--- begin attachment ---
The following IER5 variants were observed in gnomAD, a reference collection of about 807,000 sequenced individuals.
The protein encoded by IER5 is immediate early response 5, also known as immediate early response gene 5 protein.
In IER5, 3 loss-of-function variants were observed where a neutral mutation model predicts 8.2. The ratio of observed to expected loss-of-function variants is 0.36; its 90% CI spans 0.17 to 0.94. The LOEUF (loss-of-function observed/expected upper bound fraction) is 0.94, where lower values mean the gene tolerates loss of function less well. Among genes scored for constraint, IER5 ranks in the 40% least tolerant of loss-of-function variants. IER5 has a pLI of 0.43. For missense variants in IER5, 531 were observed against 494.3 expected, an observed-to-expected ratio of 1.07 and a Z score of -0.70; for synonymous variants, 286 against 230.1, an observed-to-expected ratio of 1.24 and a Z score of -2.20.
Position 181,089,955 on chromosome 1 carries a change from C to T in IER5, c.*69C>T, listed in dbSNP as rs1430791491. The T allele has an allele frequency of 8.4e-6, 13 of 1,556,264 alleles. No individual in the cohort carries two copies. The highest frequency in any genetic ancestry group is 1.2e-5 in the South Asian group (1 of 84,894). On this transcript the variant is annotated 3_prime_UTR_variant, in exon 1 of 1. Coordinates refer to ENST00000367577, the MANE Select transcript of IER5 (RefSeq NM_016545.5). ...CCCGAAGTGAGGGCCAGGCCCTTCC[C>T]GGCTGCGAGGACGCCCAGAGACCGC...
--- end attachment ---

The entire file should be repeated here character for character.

The following IER5 variants were observed in gnomAD, a reference collection of about 807,000 sequenced individuals.
The protein encoded by IER5 is immediate early response 5, also known as immediate early response gene 5 protein.
In IER5, 3 loss-of-function variants were observed where a neutral mutation model predicts 8.2. The ratio of observed to expected loss-of-function variants is 0.36; its 90% CI spans 0.17 to 0.94. The LOEUF (loss-of-function observed/expected upper bound fraction) is 0.94, where lower values mean the gene tolerates loss of function less well. Among genes scored for constraint, IER5 ranks in the 40% least tolerant of loss-of-function variants. IER5 has a pLI of 0.43. For missense variants in IER5, 531 were observed against 494.3 expected, an observed-to-expected ratio of 1.07 and a Z score of -0.70; for synonymous variants, 286 against 230.1, an observed-to-expected ratio of 1.24 and a Z score of -2.20.
Position 181,089,955 on chromosome 1 carries a change from C to T in IER5, c.*69C>T, listed in dbSNP as rs1430791491. The T allele has an allele frequency of 8.4e-6, 13 of 1,556,264 alleles. No individual in the cohort carries two copies. The highest frequency in any genetic ancestry group is 1.2e-5 in the South Asian group (1 of 84,894). On this transcript the variant is annotated 3_prime_UTR_variant, in exon 1 of 1. Coordinates refer to ENST00000367577, the MANE Select transcript of IER5 (RefSeq NM_016545.5). ...CCCGAAGTGAGGGCCAGGCCCTTCC[C>T]GGCTGCGAGGACGCCCAGAGACCGC...